14 See Hull, Isabel, Absolute Destruction: Military Culture and the Practices of War in Imperial Germany (London: Cornell University Press, 2005); Zimmerer, Jürgen, Deutsche Herrschaft über Afrikaner: Staatlicher Machtanspruch und Wirklichkeit im kolonialen Namibia (Münster: LIT Verlag, 2004); idem, Von Windhuk nach Auschwitz: Beiträge zum Verhältnis von Kolonialismus und Holocaust (Münster: LIT Verlag, 2011); idem, Genocide in German South-West Africa: The Colonial War of 1904–1908 and its Aftermath, trans. Neather, E. J. (Wales: Merlin Press, 2008); Madley, Benjamin, “From Africa to Auschwitz: How German South West Africa Incubated Ideas and Methods Adopted and Developed by the Nazis in Eastern Europe,” European History Quarterly 33, no. 3 (2003): 429–64; idem, Patterns of Frontier Genocide 1803–1910: The Aboriginal Tasmanians, the Yuki of California, and the Herero of Namibia,” Journal of Genocide Research 6, no. 2 (June 2004): 167–92.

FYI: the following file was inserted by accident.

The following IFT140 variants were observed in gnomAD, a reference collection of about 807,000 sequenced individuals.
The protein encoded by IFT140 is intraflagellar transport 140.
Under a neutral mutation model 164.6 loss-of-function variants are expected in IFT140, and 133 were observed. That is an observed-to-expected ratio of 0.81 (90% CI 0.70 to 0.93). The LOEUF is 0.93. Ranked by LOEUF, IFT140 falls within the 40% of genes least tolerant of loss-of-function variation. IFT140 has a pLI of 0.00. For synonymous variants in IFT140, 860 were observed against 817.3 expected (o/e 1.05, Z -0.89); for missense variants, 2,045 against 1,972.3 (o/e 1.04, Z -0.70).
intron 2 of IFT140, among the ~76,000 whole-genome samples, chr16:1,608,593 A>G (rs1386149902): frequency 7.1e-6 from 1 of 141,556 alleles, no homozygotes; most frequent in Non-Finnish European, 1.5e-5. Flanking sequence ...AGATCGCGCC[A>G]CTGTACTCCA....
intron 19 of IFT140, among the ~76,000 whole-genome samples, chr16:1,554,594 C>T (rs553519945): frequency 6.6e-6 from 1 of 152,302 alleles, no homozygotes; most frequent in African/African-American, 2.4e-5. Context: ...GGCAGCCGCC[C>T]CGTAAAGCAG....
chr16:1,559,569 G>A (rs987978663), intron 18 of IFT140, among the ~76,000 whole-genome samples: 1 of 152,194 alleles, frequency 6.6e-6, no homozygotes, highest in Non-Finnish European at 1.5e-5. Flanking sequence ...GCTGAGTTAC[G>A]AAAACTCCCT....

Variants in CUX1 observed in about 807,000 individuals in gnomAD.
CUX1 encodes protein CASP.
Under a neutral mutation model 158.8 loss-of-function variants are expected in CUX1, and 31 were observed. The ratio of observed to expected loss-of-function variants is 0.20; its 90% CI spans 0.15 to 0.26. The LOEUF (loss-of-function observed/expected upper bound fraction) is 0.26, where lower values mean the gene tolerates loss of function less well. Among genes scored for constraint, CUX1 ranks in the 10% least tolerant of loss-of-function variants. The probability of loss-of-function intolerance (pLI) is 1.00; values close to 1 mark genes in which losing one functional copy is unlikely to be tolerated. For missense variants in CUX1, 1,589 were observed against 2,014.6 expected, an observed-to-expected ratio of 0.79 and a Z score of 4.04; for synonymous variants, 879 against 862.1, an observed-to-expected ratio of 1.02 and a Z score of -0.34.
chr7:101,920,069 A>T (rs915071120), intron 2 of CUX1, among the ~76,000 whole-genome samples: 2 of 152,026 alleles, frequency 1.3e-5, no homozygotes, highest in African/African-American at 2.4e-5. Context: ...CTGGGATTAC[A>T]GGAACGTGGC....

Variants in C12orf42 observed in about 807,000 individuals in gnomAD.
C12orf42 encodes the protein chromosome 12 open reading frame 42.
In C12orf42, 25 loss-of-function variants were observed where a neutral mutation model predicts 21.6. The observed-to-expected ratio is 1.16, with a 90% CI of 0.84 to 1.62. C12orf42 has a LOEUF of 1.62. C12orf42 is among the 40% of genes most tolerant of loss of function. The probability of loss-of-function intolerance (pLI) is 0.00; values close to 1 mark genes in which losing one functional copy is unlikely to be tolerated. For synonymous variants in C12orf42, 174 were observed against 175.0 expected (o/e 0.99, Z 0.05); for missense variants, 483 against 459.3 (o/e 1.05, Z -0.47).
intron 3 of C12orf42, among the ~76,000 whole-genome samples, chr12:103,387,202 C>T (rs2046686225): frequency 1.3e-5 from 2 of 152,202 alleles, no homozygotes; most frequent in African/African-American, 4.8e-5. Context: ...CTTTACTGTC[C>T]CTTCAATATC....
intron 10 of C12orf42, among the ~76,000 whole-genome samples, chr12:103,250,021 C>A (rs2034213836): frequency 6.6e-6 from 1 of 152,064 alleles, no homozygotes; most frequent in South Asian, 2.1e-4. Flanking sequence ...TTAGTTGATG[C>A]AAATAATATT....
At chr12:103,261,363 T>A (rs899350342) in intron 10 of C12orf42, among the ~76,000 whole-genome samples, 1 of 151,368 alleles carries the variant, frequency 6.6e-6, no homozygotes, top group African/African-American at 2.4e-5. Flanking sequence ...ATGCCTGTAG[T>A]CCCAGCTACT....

15 Notable recent works include Dickinson, Edward Ross, “The German Empire: An Empire?,” History Workshop Journal 66, no. 1 (2008): 129–62; Kundrus, Birthe, “Die Kolonien—‘Kinder des Gefühls und der Phantasie,’” in Phantasiereiche. Zur Kulturgeschichte des deutschen Kolonialismus, ed. Kundrus, Birthe (Frankfurt/Main: Campus Verlag, 2003), 718 ; Jaeger, Jens, “Colony as Heimat? The Formation of Colonial Identity in Germany around 1900,” German History 27, no. 4 (2009): 467–89; Fitzpatrick, Matthew, Liberal Imperialism: Expansionism and Nationalism, 1848–1884 (New York: Berghahn, 2008); O'Donnell, Krista, Bridenthal, Renate, and Reagin, Nancy, eds., The Heimat Abroad: The Boundaries of Germanness (Ann Arbor: University of Michigan Press, 2005).